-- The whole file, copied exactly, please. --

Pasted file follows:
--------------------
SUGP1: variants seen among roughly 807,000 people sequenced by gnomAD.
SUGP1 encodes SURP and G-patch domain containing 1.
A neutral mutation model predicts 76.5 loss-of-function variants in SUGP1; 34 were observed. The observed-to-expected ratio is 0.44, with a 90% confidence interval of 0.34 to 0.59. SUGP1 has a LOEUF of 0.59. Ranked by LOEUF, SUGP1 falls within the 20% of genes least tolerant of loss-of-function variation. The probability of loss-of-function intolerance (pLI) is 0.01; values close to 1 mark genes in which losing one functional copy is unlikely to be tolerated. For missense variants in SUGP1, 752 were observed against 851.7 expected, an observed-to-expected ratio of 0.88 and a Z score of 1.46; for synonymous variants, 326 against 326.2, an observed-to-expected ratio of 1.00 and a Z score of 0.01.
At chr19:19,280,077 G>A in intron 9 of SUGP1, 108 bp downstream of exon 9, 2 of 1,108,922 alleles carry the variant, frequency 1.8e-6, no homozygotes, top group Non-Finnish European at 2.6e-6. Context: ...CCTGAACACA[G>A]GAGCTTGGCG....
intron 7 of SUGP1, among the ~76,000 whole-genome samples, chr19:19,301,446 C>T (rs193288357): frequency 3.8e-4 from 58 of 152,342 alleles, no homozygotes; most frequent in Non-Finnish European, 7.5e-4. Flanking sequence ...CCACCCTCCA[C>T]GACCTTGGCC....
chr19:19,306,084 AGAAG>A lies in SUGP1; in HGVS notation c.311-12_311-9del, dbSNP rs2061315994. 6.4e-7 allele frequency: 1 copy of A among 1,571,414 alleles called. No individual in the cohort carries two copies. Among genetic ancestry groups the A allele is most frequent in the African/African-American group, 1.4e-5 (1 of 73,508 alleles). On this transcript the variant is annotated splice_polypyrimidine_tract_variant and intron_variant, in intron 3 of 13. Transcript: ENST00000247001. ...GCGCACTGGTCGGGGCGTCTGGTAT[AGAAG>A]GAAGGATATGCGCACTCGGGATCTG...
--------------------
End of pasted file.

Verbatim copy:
SUGP1: variants seen among roughly 807,000 people sequenced by gnomAD.
SUGP1 encodes SURP and G-patch domain containing 1.
A neutral mutation model predicts 76.5 loss-of-function variants in SUGP1; 34 were observed. The observed-to-expected ratio is 0.44, with a 90% confidence interval of 0.34 to 0.59. SUGP1 has a LOEUF of 0.59. Ranked by LOEUF, SUGP1 falls within the 20% of genes least tolerant of loss-of-function variation. The probability of loss-of-function intolerance (pLI) is 0.01; values close to 1 mark genes in which losing one functional copy is unlikely to be tolerated. For missense variants in SUGP1, 752 were observed against 851.7 expected, an observed-to-expected ratio of 0.88 and a Z score of 1.46; for synonymous variants, 326 against 326.2, an observed-to-expected ratio of 1.00 and a Z score of 0.01.
At chr19:19,280,077 G>A in intron 9 of SUGP1, 108 bp downstream of exon 9, 2 of 1,108,922 alleles carry the variant, frequency 1.8e-6, no homozygotes, top group Non-Finnish European at 2.6e-6. Context: ...CCTGAACACA[G>A]GAGCTTGGCG....
intron 7 of SUGP1, among the ~76,000 whole-genome samples, chr19:19,301,446 C>T (rs193288357): frequency 3.8e-4 from 58 of 152,342 alleles, no homozygotes; most frequent in Non-Finnish European, 7.5e-4. Flanking sequence ...CCACCCTCCA[C>T]GACCTTGGCC....
chr19:19,306,084 AGAAG>A lies in SUGP1; in HGVS notation c.311-12_311-9del, dbSNP rs2061315994. 6.4e-7 allele frequency: 1 copy of A among 1,571,414 alleles called. No individual in the cohort carries two copies. Among genetic ancestry groups the A allele is most frequent in the African/African-American group, 1.4e-5 (1 of 73,508 alleles). On this transcript the variant is annotated splice_polypyrimidine_tract_variant and intron_variant, in intron 3 of 13. Transcript: ENST00000247001. ...GCGCACTGGTCGGGGCGTCTGGTAT[AGAAG>A]GAAGGATATGCGCACTCGGGATCTG...